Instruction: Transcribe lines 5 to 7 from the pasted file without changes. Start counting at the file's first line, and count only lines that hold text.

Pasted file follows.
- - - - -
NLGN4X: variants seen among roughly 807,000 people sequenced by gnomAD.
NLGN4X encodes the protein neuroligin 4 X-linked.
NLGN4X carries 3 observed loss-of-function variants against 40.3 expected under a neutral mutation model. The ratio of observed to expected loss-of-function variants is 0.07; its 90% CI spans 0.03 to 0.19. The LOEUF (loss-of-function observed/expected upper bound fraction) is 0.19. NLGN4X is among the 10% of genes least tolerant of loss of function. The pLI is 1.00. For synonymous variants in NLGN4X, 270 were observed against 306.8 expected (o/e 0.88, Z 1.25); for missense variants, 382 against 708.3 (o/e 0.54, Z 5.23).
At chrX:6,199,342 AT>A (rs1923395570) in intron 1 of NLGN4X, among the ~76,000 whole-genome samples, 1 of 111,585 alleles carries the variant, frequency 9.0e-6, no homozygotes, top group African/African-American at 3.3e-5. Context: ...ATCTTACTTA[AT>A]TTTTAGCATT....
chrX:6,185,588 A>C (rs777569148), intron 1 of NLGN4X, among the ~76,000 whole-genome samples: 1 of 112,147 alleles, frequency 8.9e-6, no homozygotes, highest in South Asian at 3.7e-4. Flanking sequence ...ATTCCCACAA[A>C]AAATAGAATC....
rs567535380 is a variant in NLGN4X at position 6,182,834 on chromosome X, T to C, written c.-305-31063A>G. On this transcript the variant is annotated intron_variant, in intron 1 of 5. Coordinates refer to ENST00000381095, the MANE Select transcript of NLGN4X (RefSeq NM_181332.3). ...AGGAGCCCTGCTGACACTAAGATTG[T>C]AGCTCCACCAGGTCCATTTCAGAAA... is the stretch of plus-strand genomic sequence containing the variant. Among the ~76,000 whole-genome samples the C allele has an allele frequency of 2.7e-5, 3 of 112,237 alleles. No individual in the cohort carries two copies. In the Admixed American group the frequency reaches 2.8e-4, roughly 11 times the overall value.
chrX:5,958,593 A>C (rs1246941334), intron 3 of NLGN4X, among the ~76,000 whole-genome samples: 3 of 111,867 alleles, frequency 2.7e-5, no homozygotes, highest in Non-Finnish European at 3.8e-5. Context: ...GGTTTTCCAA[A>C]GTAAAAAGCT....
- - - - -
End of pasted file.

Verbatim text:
chrX:6,185,588 A>C (rs777569148), intron 1 of NLGN4X, among the ~76,000 whole-genome samples: 1 of 112,147 alleles, frequency 8.9e-6, no homozygotes, highest in South Asian at 3.7e-4. Flanking sequence ...ATTCCCACAA[A>C]AAATAGAATC....
rs567535380 is a variant in NLGN4X at position 6,182,834 on chromosome X, T to C, written c.-305-31063A>G. On this transcript the variant is annotated intron_variant, in intron 1 of 5. Coordinates refer to ENST00000381095, the MANE Select transcript of NLGN4X (RefSeq NM_181332.3). ...AGGAGCCCTGCTGACACTAAGATTG[T>C]AGCTCCACCAGGTCCATTTCAGAAA... is the stretch of plus-strand genomic sequence containing the variant. Among the ~76,000 whole-genome samples the C allele has an allele frequency of 2.7e-5, 3 of 112,237 alleles. No individual in the cohort carries two copies. In the Admixed American group the frequency reaches 2.8e-4, roughly 11 times the overall value.
chrX:5,958,593 A>C (rs1246941334), intron 3 of NLGN4X, among the ~76,000 whole-genome samples: 3 of 111,867 alleles, frequency 2.7e-5, no homozygotes, highest in Non-Finnish European at 3.8e-5. Context: ...GGTTTTCCAA[A>C]GTAAAAAGCT....